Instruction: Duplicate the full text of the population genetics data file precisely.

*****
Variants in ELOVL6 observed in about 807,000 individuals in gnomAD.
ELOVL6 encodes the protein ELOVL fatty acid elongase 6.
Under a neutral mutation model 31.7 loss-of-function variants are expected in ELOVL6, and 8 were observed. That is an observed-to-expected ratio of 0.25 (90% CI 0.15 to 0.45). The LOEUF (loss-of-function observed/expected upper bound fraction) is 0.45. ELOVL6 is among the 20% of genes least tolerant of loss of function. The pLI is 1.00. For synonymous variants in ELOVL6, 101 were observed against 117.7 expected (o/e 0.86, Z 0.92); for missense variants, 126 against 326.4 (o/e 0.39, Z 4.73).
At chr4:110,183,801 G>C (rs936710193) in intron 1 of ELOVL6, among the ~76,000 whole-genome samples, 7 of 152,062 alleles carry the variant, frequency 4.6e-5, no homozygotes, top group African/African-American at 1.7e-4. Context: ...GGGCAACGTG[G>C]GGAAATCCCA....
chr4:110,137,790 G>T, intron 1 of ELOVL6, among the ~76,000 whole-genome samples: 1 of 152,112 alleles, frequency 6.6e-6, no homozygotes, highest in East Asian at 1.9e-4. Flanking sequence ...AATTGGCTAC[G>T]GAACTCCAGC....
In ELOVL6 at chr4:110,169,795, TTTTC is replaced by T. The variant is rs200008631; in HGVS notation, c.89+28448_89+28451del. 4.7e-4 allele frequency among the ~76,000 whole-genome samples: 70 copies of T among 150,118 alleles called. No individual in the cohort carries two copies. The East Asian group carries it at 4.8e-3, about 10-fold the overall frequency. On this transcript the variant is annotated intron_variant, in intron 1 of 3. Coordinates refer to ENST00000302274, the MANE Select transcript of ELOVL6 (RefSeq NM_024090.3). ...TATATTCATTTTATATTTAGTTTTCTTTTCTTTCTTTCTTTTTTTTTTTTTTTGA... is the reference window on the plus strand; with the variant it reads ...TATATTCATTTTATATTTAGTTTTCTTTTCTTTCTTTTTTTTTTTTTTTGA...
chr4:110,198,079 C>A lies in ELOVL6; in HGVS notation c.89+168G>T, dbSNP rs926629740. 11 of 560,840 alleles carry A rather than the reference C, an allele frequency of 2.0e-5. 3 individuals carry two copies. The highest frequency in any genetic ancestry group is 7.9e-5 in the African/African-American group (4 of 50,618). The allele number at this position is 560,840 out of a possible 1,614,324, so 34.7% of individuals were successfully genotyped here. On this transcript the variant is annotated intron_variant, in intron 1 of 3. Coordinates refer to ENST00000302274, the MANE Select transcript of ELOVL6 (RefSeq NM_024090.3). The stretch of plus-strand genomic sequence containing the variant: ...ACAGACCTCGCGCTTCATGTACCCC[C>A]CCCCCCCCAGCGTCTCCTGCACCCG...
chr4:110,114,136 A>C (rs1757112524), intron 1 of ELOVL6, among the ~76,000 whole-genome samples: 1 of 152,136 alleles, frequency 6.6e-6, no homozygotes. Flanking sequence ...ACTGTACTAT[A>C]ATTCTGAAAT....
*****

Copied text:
Variants in ELOVL6 observed in about 807,000 individuals in gnomAD.
ELOVL6 encodes the protein ELOVL fatty acid elongase 6.
Under a neutral mutation model 31.7 loss-of-function variants are expected in ELOVL6, and 8 were observed. That is an observed-to-expected ratio of 0.25 (90% CI 0.15 to 0.45). The LOEUF (loss-of-function observed/expected upper bound fraction) is 0.45. ELOVL6 is among the 20% of genes least tolerant of loss of function. The pLI is 1.00. For synonymous variants in ELOVL6, 101 were observed against 117.7 expected (o/e 0.86, Z 0.92); for missense variants, 126 against 326.4 (o/e 0.39, Z 4.73).
At chr4:110,183,801 G>C (rs936710193) in intron 1 of ELOVL6, among the ~76,000 whole-genome samples, 7 of 152,062 alleles carry the variant, frequency 4.6e-5, no homozygotes, top group African/African-American at 1.7e-4. Context: ...GGGCAACGTG[G>C]GGAAATCCCA....
chr4:110,137,790 G>T, intron 1 of ELOVL6, among the ~76,000 whole-genome samples: 1 of 152,112 alleles, frequency 6.6e-6, no homozygotes, highest in East Asian at 1.9e-4. Flanking sequence ...AATTGGCTAC[G>T]GAACTCCAGC....
In ELOVL6 at chr4:110,169,795, TTTTC is replaced by T. The variant is rs200008631; in HGVS notation, c.89+28448_89+28451del. 4.7e-4 allele frequency among the ~76,000 whole-genome samples: 70 copies of T among 150,118 alleles called. No individual in the cohort carries two copies. The East Asian group carries it at 4.8e-3, about 10-fold the overall frequency. On this transcript the variant is annotated intron_variant, in intron 1 of 3. Coordinates refer to ENST00000302274, the MANE Select transcript of ELOVL6 (RefSeq NM_024090.3). ...TATATTCATTTTATATTTAGTTTTCTTTTCTTTCTTTCTTTTTTTTTTTTTTTGA... is the reference window on the plus strand; with the variant it reads ...TATATTCATTTTATATTTAGTTTTCTTTTCTTTCTTTTTTTTTTTTTTTGA...
chr4:110,198,079 C>A lies in ELOVL6; in HGVS notation c.89+168G>T, dbSNP rs926629740. 11 of 560,840 alleles carry A rather than the reference C, an allele frequency of 2.0e-5. 3 individuals carry two copies. The highest frequency in any genetic ancestry group is 7.9e-5 in the African/African-American group (4 of 50,618). The allele number at this position is 560,840 out of a possible 1,614,324, so 34.7% of individuals were successfully genotyped here. On this transcript the variant is annotated intron_variant, in intron 1 of 3. Coordinates refer to ENST00000302274, the MANE Select transcript of ELOVL6 (RefSeq NM_024090.3). The stretch of plus-strand genomic sequence containing the variant: ...ACAGACCTCGCGCTTCATGTACCCC[C>A]CCCCCCCCAGCGTCTCCTGCACCCG...
chr4:110,114,136 A>C (rs1757112524), intron 1 of ELOVL6, among the ~76,000 whole-genome samples: 1 of 152,136 alleles, frequency 6.6e-6, no homozygotes. Flanking sequence ...ACTGTACTAT[A>C]ATTCTGAAAT....